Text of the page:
AT TOP, OLAF CAN bend his stick arms (and not melt) only in his dreams of summer. At bottom, lighting artists used full raytracing to render Elsa’s ice palace.
Truth in Acting
Olaf is a bipedal character with the structure of a human, but animators could disconnect and reconnect all his body parts. “The things that made him special were out of the ordinary for us,” says Frank Hanner, character CG supervisor. “Luckily, we knew those things early on. He was always going to be magical, and from day one or two we had reference designs of Olaf pulling his head off, or melting in a corner and rolling a new body. They were fun, cool ideas. But, it was a bit of a challenge to construct a system that allowed any part of this little guy to disconnect and arbitrarily reconnect.”
The rigging team devised a tool they named Spaces that gave animators a convenient way to reconfigure the rig. “He has one rig with mechanisms for connecting and disconnecting,” Hanner says. Working in Autodesk’s Maya, an animator could click a button to have Olaf’s head fall off and still animate his body walking away.
“His body parts could be in world space or local space,” DiSalvo says. “So, we could pull his arm off and pop it into world space and then continue working on his body.”
DiSalvo led a crew of 70 animators by casting supervisors for each of the hero characters and then finding pockets of animators for specific moments. “Our animation department is so fine-tuned, I felt like a conductor of an amazing orchestra,” he says. “We’d be in review sessions and nine out of 10 times we’d find ourselves involved in the movie rather than critiquing lighting or whatever. We’d all be leaning forward watching the film, and I’d think, ‘Oh my gosh, I think we have something special.’”
Although all the humans, the reindeer, and, of course, Olaf, are caricatures, the animation team strived for what they call “truth in acting.” “The first order of business for us was bringing in the voice actors,” DiSalvo says. “I moderated a session like ‘Inside the Actor’s Studio,’ with the animators sitting around. And, an acting coach came here early in the process and we went through pages of the script. We wanted truth in acting, truth in the emotion. We wanted to make sure emotions crescendo at the right time. It’s easy in an animated film to put the volume on 12 in every shot, with every animator trying to outdo the other. But, we didn’t want clichés.”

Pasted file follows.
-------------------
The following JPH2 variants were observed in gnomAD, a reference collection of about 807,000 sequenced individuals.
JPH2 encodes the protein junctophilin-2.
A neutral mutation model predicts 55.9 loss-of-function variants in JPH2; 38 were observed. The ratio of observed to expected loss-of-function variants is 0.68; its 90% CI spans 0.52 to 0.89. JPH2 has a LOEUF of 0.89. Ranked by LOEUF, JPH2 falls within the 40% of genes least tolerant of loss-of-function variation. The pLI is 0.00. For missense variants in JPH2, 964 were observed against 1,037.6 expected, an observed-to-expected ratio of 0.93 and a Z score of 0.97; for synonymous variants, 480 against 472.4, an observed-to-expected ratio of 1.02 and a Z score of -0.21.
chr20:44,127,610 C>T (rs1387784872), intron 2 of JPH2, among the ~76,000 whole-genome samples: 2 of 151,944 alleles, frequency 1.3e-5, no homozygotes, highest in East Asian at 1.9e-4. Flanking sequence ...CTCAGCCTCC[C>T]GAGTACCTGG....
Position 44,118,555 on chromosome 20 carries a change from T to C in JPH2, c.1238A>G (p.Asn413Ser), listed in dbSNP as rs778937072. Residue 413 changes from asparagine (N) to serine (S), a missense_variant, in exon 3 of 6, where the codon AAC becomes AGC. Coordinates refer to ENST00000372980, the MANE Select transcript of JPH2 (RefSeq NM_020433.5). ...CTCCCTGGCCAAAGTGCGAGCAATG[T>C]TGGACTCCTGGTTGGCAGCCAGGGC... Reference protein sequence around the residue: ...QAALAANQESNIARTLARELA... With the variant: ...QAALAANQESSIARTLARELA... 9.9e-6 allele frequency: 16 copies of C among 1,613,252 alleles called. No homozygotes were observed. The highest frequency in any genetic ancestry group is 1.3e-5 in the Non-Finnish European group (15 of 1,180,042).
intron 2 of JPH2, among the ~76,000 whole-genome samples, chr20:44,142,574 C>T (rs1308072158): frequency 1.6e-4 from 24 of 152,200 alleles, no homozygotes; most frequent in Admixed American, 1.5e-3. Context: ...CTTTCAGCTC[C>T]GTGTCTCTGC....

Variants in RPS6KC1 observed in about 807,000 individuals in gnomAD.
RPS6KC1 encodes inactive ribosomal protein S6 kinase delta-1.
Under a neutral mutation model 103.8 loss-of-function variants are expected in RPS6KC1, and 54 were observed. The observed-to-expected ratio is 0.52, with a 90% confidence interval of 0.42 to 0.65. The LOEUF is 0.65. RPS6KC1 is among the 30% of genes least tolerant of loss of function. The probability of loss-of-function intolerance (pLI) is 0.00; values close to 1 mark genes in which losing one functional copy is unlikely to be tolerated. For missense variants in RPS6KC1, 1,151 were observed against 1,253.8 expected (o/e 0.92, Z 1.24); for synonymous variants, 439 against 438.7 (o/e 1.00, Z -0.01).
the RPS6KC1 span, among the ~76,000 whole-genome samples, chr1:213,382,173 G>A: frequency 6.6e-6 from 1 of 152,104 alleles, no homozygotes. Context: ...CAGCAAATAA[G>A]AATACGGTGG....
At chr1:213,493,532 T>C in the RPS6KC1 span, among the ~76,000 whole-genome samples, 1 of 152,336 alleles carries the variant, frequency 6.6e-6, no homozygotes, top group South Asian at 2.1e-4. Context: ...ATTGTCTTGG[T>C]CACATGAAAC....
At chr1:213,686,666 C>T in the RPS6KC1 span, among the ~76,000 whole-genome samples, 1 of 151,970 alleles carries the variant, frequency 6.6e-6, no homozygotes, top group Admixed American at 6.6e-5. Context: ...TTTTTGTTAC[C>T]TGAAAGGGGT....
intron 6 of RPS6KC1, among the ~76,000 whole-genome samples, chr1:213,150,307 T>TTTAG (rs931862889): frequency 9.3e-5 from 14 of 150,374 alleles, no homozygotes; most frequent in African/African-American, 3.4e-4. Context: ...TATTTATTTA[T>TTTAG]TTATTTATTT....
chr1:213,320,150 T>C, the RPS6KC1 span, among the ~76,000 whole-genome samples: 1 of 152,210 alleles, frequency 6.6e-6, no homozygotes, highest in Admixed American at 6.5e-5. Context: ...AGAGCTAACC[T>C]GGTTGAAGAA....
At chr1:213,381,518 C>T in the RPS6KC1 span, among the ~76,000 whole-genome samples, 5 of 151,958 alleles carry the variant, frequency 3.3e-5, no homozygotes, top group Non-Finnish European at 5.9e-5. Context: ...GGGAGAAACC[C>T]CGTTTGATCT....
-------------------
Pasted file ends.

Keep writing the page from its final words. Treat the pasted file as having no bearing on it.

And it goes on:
Before committing to CG animation, the animators spent time looking at hand-drawn animation. “We went through explorations of the hero characters for a year and a half,” DiSalvo says. They also shot live-action reference, drew thumbnails, and pulled from their own life experiences to dig into that truth. DiSalvo provides an example from his life experience that informed the animators’ performance of Kristoff in an emotional scene.
Anna and Elsa, the two stars of Frozen, wear their long hair in braids, and Elsa, in some sequences, braids her hair into an elaborate updo. “A lot of the hairstyles are heavily designed, braided, or wound,” says Frank Hanner, character CG supervisor. “The traditional CG hair interaction techniques, which involve curves, digital brushes, and digital combs, didn’t work well. So we wrote a new software package we call Tonic. It gives our hair artists a sculpture-based tool set.”
Typically the modelers would first create rough proxies that showed shapes or rough directions. Once approved, the hair artists began refining those shapes with Tonic. In Tonic, they could see pipes or tubes that represented hair and could toggle individual strands of hair within to see the flow. “Working with these volumes gives hairstyles complete fullness,” Hanner says. Once groomed and structured with Tonic, the hair moved into Disney’s simulation package called “Dynamic Wires.” “The transition is automatic,” Hanner says. “But, the artists can rearrange and procedurally regenerate subsets of data the simulation works with.”